The key findings in the Third Monitoring and Evaluation Report:
- Indications of increased student engagement and academic results were found across all programs. Other indicators, such as increased teacher capacity and student attendance, and choosing STEM pathways, varied across programs.
- The impact of the Aboriginal Summer School for Excellence in Technology and Science (ASSETS) on students has been significant, often life-changing, in terms of supporting study and career directions and creating peer networks. The unique combination of components that make up the ASSETS model are critical to the success of the program.
- Students participating in the Bachelor of Science (Extended) program have had positive experiences and have felt supported in a culturally responsive environment. There was a high retention rate of 95 per cent in 2018. Overall, encouraging progress has been made towards supporting Aboriginal and Torres Strait Islander students to complete a Bachelor of Science at the University of Melbourne and then go on to STEM careers. A detailed case study on the program was published in 2019.
- The PRIME Futures program has demonstrated gradual positive change at both a teacher and a whole of school level. Evidence highlights teacher perceptions of improvements in student engagement and achievement in mathematics.
- Program staff report strong engagement in the Science Pathways for Indigenous Communities program by teachers and students, among schools and their communities. The program has assisted in the development of effective partnerships, increased community and parental involvement, and improved teacher capacity.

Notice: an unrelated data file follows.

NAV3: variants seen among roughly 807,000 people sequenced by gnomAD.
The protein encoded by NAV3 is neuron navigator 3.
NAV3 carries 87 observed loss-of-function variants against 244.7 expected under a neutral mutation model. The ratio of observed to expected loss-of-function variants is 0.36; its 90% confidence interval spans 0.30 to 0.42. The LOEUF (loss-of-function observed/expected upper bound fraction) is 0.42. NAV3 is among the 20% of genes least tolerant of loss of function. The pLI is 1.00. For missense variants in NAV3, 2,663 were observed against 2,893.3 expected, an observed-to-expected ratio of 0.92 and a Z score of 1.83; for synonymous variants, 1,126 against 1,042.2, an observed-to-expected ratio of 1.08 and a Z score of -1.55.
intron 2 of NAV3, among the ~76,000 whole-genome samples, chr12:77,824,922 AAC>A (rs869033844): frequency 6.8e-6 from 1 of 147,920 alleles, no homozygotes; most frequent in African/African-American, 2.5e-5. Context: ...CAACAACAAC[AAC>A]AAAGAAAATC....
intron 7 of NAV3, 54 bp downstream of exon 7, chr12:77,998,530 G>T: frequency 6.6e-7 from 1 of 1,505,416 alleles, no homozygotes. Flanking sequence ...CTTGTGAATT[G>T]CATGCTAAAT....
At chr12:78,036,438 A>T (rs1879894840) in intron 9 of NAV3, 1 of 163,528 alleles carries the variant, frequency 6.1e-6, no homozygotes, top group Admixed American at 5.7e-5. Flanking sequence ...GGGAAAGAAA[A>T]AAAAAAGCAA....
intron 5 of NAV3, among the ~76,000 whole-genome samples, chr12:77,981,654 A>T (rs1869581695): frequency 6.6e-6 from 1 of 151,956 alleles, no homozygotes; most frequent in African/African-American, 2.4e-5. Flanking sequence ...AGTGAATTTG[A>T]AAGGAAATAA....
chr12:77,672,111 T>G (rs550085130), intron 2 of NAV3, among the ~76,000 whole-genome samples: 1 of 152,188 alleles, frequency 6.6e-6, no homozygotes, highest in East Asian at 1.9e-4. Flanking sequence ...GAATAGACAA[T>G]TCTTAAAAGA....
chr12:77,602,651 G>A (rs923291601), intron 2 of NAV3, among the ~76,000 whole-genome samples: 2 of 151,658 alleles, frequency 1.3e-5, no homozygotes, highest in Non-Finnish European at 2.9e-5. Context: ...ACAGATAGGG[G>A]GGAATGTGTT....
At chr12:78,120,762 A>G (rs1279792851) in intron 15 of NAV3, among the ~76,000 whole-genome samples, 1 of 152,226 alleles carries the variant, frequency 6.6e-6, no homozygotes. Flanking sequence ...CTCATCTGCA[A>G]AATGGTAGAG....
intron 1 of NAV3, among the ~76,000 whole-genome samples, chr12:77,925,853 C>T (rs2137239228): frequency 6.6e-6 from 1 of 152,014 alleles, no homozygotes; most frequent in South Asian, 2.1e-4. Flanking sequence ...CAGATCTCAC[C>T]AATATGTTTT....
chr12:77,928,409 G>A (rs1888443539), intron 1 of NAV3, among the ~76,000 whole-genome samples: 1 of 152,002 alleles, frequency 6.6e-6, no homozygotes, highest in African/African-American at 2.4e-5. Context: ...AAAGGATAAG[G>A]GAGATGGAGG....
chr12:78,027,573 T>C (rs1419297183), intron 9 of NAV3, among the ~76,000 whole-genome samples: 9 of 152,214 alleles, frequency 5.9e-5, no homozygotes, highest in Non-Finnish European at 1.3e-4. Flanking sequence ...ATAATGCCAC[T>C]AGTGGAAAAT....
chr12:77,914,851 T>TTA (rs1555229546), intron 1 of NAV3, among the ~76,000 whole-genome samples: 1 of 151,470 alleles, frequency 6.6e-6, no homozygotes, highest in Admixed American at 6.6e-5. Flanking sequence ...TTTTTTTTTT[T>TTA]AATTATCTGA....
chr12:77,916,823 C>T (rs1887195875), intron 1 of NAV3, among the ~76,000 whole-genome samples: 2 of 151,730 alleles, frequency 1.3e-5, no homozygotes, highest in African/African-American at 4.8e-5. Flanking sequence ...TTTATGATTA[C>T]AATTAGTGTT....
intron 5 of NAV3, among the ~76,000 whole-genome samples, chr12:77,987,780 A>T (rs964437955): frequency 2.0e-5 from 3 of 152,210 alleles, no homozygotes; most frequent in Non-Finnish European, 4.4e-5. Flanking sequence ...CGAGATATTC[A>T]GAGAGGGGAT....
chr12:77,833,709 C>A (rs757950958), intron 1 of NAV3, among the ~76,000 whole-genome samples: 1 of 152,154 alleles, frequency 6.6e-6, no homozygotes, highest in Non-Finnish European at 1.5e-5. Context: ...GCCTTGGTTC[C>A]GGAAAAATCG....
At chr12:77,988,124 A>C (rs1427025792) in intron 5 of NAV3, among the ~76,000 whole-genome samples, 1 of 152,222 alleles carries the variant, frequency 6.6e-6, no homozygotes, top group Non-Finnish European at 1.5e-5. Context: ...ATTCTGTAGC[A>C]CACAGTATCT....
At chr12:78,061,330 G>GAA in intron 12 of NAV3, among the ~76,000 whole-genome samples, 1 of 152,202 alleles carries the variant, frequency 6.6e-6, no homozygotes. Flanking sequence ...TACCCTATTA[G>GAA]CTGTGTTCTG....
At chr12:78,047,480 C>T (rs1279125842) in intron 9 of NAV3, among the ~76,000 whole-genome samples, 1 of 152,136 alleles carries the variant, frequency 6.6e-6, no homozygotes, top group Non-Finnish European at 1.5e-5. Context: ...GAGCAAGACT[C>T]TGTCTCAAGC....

- The reach of the Indigenous STEM Awards increased by over 160 per cent from 2016 to 2017, indicating strong engagement with the Awards program across Australia.
- Following participation in the Inquiry for Indigenous Science Students (I2S2) program, many students had increased levels of engagement and academic achievement, particularly low-achieving students. Specifically, 40 per cent of all, and 51 per cent of low-achieving, Aboriginal and Torres Strait Islander students had increased engagement after an inquiry. Similarly, 27 per cent of all, and 44 per cent of low-achieving, Aboriginal and Torres Strait Islander students increased their academic achievement. An even larger increase was observed among low-achieving non-Indigenous students, with 59 per cent improving their academic achievement after an inquiry.